Super Suica Roadmap

Super Suica Containers
The JR East and Sony co-development announcement of a ‘national’ super Suica card sounds exactly what the Aso government proposed back in 2008: one card to replace local Japanese transit card variations such as ICOCA, TOICA, SUGOCA, Kitaca, PASMO, manaca, Nimoca, Hayaken and others into a single card that does it all. JR East and Sony plan to have Super Suica in circulation starting April 2021.

Development is divided between Sony, JR East and JR East Mechatronics (JREM), the JR East subsidiary company that manages Mobile Suica.

  • Sony: updating FeliCa OS for the new format
  • JR East: coordinating the deployment effort with the other transit companies
  • JREM: physical card development, providing background services for issuance and mobile

The press release is terse and light on details but 3 points are very clear:

  • Cost reduction
  • Support for local commute plans, points, branding and more in addition to the regular stored fare transit and e-money features of current issue cards
  • Everybody on board

The aim is clear: instead of complicated expensive account management systems that babysit all the extra functions the cloud magically attaches to current transit cards, with every transit company doing it differently, Super Suica will be a universal container that takes care of the extras on the card itself. There will be established protocols and one common format with a new FeliCa OS version to handle everything.

Current Account based Mobile Suica

Containers vs account management

This approach will streamline and simplify the entire Japan Transit IC system process for plastic cards and mobile, significantly lowering costs without sacrificing the great things about Suica: blazing speed and local processing without a network.

Functions that are geeky and complex like setting up auto-charge or purchasing Shinkansen e-tickets will become much easier and accessible. Missing functions like discount tickets, special fares, and regular line express train ticketing will be possible on mobile. JR East has talked about raising the current 20,000 JPY Suica balance limit, Super Suica is the perfect opportunity to finally do it.

The outcome for Japan
The change for Japan is obvious: the success of the Suica transit payment platform in the Tokyo region is made available everywhere. Actually it already is available everywhere but Super Suica will supercharge it.  JR East will offer to host everything on mobile so that everybody in Japan can use Apple Pay, Google Pay or Osaifu-Keitai for local transit, purchases, while offering all the local goodies and incentives.

Other big players like JR Central and JR West may not opt-in for hosting on Mobile Suica for political reasons but the incentives are certainly there and the cost of getting somebody else’s cloud service to do it will be much easier and cheaper than it is now. JR East looks eager to go the extra distance to get everybody on Mobile Suica cloud and should make clear that Mobile Suica is only managing containers, not account data.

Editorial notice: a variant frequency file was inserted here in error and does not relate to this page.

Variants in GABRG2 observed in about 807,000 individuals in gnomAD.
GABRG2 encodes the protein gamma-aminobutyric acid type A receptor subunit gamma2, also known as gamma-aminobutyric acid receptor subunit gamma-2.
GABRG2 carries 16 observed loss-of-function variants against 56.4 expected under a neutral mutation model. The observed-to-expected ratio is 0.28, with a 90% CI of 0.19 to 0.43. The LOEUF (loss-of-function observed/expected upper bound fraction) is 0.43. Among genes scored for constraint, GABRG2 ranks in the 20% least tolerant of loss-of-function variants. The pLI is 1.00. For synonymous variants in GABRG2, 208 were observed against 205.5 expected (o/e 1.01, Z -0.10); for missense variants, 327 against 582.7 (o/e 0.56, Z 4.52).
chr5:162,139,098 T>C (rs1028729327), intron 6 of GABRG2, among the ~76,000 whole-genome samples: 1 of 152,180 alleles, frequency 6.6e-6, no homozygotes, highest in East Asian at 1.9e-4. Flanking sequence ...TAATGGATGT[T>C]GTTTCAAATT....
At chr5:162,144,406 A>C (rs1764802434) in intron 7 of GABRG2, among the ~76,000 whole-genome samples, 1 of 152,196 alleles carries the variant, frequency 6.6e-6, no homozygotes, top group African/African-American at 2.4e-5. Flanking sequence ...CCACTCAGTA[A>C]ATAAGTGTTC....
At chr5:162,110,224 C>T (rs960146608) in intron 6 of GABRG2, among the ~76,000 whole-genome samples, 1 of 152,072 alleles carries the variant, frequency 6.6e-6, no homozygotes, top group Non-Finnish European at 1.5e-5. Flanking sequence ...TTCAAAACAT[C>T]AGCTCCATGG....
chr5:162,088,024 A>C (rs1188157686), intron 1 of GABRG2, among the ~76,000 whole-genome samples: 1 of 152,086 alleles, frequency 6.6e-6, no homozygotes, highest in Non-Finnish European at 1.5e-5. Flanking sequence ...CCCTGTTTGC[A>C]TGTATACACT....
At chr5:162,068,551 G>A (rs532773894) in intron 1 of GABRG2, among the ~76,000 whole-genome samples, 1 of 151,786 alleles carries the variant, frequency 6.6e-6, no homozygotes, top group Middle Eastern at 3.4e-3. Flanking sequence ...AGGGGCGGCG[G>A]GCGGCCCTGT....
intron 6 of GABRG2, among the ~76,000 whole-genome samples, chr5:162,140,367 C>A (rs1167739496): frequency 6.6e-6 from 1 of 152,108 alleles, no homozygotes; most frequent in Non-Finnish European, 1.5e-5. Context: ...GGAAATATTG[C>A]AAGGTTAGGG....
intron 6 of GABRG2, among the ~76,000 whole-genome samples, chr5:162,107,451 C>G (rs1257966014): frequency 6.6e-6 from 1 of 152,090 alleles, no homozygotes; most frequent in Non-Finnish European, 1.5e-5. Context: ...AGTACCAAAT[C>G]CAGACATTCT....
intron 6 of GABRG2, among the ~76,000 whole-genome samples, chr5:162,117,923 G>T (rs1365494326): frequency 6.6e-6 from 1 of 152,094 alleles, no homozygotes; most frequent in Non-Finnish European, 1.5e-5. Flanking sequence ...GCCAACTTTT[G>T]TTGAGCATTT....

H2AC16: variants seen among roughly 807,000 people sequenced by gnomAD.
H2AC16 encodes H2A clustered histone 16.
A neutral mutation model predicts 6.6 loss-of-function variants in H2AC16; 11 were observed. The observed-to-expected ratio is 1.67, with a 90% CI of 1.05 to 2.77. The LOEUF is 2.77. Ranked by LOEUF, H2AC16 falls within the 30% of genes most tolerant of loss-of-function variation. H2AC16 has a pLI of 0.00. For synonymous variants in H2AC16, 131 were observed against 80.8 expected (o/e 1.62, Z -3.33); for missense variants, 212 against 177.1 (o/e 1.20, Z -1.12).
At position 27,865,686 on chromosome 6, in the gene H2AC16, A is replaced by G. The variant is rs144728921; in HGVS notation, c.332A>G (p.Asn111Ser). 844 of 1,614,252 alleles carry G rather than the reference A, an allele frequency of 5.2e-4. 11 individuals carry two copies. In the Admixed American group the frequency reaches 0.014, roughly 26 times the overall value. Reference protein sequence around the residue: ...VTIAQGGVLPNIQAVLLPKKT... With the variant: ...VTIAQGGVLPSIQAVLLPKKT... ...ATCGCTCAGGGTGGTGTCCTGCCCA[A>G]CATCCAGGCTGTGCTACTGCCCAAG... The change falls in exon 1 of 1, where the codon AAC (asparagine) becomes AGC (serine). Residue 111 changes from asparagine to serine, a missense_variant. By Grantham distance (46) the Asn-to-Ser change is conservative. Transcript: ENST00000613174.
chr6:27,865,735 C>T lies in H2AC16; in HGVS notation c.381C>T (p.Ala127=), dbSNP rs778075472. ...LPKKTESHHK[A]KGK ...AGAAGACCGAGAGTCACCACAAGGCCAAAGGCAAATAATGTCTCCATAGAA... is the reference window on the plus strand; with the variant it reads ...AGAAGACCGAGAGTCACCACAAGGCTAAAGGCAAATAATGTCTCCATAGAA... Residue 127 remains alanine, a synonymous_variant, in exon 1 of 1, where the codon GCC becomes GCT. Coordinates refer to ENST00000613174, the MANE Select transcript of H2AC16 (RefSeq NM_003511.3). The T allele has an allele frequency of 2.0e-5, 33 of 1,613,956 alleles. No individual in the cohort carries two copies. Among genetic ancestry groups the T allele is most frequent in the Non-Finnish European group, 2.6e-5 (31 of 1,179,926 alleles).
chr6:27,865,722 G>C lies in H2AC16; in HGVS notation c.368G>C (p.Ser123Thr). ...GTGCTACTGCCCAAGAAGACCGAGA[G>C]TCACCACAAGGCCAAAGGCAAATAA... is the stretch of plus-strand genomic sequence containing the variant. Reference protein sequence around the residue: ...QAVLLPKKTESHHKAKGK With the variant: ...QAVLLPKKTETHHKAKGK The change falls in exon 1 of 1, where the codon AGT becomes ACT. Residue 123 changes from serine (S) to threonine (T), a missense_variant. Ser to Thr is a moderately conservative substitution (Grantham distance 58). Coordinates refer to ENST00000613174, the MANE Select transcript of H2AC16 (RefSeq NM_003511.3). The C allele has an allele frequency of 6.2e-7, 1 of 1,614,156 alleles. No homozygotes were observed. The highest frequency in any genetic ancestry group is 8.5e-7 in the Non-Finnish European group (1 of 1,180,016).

The outcome outside of Japan
The possibilities outside of Japan are going to be interesting. Could the Hong Kong Octopus system opt for the new format and could it be made cross compatible? It’s nice to think that sister systems like Octopus and Suica could do that some day. Even if that doesn’t happen, the Super Suica container format will offer Octopus the same benefits of lower costs and make it easier to deploy on other digital wallet platforms outside of the currently exclusive Smart Octopus in Samsung Pay.

More than cross compatibility however I think Super Suica will shine a much brighter light on the shortcomings of using ‘Open Loop’ EMV contactless credit card payment networks for transit: non-existent account management, simple fares only, no commute plans, no points that tie in with other transit company services, etc. These are problems that are prohibitively expensive for any transit company to fix on their own and the banking industry payment networks will not.

EMV contactless transit shortcomings

You know things are really bad when 9to5 Mac writes this about using Apple Pay on the Milan Metro:

A handy tip for anyone wanting to get around with Apple Pay without causing a fuss is to authenticate Apple Pay as you approach the gate. Doing it in advance helps remove the awkwardness of holding up other people if your fingerprint or face isn’t recognized first time, for instance.

This is a perfect example of dead-end last century credit card vs. smartcard, open loop vs. closed loop thinking and where it has brought us. Digital wallet platforms like Apple Pay and Google Pay collapse the differences of open loop vs. closed loop and destroy the old arguments while combining different NFC technologies and middleware software into one compelling new whole the creates an entirely new game: Build a transit payment platform instead.

A stored value native transit card on the front end with a credit/debit card on the backend for Apple Pay or Google Pay recharge is the best arrangement that leverages the strengths of both approaches working together instead of the old antagonistic and wasteful A or B arguments. In the long run it’s a win-win for transit companies and the banking industry.

For Asian countries that already have FeliCa transit systems (India, Indonesia, Hong Kong, Vietnam) Super Suica will let them do more. For transit companies in America and Europe, Super Suica will be a great chance to re-examine long-term goals and choose the best mix of technologies in light of the new business opportunities and models that digital wallets and Super Suica roadmap will offer.

One thing is clear: transit companies that stick with the old ways of thinking will miss unique new business opportunities offered by native transit payment platforms hosted on digital wallet platforms, opportunities that build on transit but also extend it into new places.